1. Toast of the town
For more than 50 years the citizens of Chicago have been turning their river green with huge vats of vegetable dye every 17 March, to celebrate a fifth-Century Irish saint.
People around the world from Dublin to London, from New York to Melbourne, come together to wear the shamrock, sink pints of stout, and parade wearing green in his honour. Even people with no claim to Irishness want to get involved.
But if he came back to earth this year, Saint Patrick would probably struggle to recognise himself in how he's portrayed today. And, interestingly, his view of Ireland probably wasn't what we imagine it to have been.
2. The man and the myths
Over the years many stories have been told and retold about the life and works of Saint Patrick. Click on each icon to find out more.
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Many of these myths have crept into people's consciousness and been accepted as true simply because of their retelling, or because they back up a point about religious faith or about Irish identity that people wanted to promote. But in order to get to the real facts about Saint Patrick and to get an idea of the man himself, we need to get back to basics and see what history can tell us about his life.
3. Story of a kidnap
In the fifth Century, Ireland was the only country in Western Europe which had not been incorporated into the Roman Empire. It had its own system of law and custom, but compared to Roman Britain it was an isolated outpost on the edge of the world.
Patrick left two documents written in Latin which give just a few biographical details.
He was born in Britain as a Roman citizen and came from a family of Christian clergy. He was kidnapped from his home when he was 16 and taken to Ireland, where he lived as a slave for six years. He escaped from Ireland ‘with difficulty’ and made his way back to Britain.
Mission from God
Not long after his return to Britain, Patrick had a series of visions. He believed God was telling him to go back to Ireland to preach the Gospel, and he did – but this was not a cross he bore lightly. He was lonely and faced hostility from Irish people, whom he regarded as uncivilised.
Patrick believed that God’s kingdom would be restored once his message had been proclaimed to all nations. Ireland, at the very end of the earth, would be the last nation to hear this message: Patrick was living in the end times.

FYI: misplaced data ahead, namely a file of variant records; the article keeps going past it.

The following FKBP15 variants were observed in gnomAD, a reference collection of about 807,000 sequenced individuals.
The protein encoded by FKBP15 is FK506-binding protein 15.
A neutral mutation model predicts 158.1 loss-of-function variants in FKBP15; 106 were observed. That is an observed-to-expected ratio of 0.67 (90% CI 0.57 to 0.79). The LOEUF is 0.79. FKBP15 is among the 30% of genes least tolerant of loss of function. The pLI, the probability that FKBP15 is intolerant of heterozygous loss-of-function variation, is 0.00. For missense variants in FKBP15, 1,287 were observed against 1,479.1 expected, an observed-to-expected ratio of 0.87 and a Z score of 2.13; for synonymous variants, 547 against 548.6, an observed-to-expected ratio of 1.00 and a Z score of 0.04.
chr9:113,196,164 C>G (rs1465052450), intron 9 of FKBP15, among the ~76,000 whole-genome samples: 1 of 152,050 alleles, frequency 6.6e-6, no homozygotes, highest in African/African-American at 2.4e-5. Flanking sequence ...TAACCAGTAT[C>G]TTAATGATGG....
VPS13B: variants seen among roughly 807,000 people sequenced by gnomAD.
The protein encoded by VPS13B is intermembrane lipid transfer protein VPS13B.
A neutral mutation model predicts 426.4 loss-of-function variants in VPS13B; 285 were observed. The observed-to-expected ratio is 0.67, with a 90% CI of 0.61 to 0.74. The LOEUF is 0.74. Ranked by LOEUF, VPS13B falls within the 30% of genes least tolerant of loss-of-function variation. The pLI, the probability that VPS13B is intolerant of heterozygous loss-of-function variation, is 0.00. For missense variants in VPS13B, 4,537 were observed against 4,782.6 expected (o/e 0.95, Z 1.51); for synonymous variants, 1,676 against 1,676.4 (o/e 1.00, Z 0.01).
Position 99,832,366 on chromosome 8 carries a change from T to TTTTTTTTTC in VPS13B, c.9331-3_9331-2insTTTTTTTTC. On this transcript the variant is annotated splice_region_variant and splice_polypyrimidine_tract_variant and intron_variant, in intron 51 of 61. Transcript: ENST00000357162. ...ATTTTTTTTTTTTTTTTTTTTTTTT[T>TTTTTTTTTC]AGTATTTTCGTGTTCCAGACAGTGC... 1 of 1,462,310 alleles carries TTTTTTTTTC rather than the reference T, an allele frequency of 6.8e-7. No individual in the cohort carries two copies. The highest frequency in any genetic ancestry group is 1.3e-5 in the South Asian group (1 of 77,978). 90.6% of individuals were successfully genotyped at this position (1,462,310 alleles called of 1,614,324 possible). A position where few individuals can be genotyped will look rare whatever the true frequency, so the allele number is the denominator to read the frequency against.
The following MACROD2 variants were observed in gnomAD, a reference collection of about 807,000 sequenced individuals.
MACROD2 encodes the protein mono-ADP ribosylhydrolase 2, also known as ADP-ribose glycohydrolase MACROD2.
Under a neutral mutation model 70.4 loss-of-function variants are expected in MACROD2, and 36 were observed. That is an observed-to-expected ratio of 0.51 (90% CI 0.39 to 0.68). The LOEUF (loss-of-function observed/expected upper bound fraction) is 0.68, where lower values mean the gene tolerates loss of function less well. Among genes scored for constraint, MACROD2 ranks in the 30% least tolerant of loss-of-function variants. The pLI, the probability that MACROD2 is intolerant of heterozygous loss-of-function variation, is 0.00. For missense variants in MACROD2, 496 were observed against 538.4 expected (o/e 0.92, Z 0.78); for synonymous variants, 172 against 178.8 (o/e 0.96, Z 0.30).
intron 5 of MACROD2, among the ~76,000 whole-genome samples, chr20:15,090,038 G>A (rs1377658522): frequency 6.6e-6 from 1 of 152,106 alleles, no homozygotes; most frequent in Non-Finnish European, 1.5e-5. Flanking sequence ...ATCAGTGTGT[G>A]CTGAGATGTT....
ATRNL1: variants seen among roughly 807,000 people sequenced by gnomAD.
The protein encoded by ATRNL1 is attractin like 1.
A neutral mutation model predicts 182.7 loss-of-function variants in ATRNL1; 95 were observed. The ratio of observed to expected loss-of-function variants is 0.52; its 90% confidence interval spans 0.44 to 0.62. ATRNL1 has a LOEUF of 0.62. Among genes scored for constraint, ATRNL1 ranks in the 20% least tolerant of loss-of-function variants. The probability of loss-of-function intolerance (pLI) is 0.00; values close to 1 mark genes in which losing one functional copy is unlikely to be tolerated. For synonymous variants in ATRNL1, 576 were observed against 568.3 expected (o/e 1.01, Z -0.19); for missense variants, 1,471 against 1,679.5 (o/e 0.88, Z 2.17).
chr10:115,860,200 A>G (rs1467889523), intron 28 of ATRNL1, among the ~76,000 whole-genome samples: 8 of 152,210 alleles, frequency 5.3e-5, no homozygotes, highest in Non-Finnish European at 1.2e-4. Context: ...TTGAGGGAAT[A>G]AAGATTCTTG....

4. Apocalypse - not now!
But the world didn't end as Patrick had anticipated, and he died towards the end of the fifth Century. By the end of the seventh Century, stories of his life circulated in the Irish Church, but his memory would probably have faded out had it not been for the work of an Irish cleric named Muirchú.
Muirchú took it upon himself to write a biography of Saint Patrick, but it was a biography constructed to serve his own purposes. He wanted to unite the warring tribes of Ireland and the Irish Church under the leadership of the Church of Armagh, which also just happened to be the seat of the country’s most powerful clan, the O’Neills.
The invention of Saint Patrick
Muirchú realised he needed a saint or figure around which he could unite the Irish people. With some of Patrick’s writings at his disposal, he constructed a version of Patrick’s life that portrayed the Irish as a chosen people and Patrick as their prophet. Where he lacked biographical details, Muirchú simply filled in the blanks with stories that would have appealed to the seventh-Century mind.
Muirchú is only the first of a long line of people who’ve reinvented Patrick to justify their vision of Irishness.
5. The many faces of Patrick
When the Normans invaded Ireland in the 13th Century, one of the ways they justified their occupation was that they’d come to bring the errant Irish church back to the Church in Rome, which they claimed was the true church of Saint Patrick.
After the Reformation, James Ussher, the by then Protestant Archbishop of Armagh, gave the Anglican Church of Ireland historical legitimacy by claiming it was the true successor to Saint Patrick’s Biblical Christian faith.
Not a nationalist hero
By the 19th Century, Patrick was so firmly linked to the Anglican Church of Ireland and the British establishment, that when the Irish nationalist Daniel O’Connell tried to invoke him as an Irish icon, his fellow nationalists rejected the idea outright.
Symbol of Irishness
It was really in America that Saint Patrick became the symbol of Irishness that he is today. After the Great Famine of the mid 19th Century, huge numbers of poor Irish people emigrated to the United States, especially New York. What had started out as a small scale and Protestant celebration of Saint Patrick in the mid 18th Century, evolved into the huge celebration of Irish identity and culture that we have today.
6. One saint
Today Saint Patrick is respected by all Christian communities in Ireland. He's the patron saint of the whole of Ireland and both the Roman Catholic Church in Ireland and the Anglican Church of Ireland have their seats in Armagh, with cathedrals dedicated to him. But there are also churches dedicated to Saint Patrick all over the world, from Melbourne to Karachi.
7. Do patron saints cement identity?
The other patron saints of the nations of Britain have also been used through the ages to promote independence, cohesion and national identity.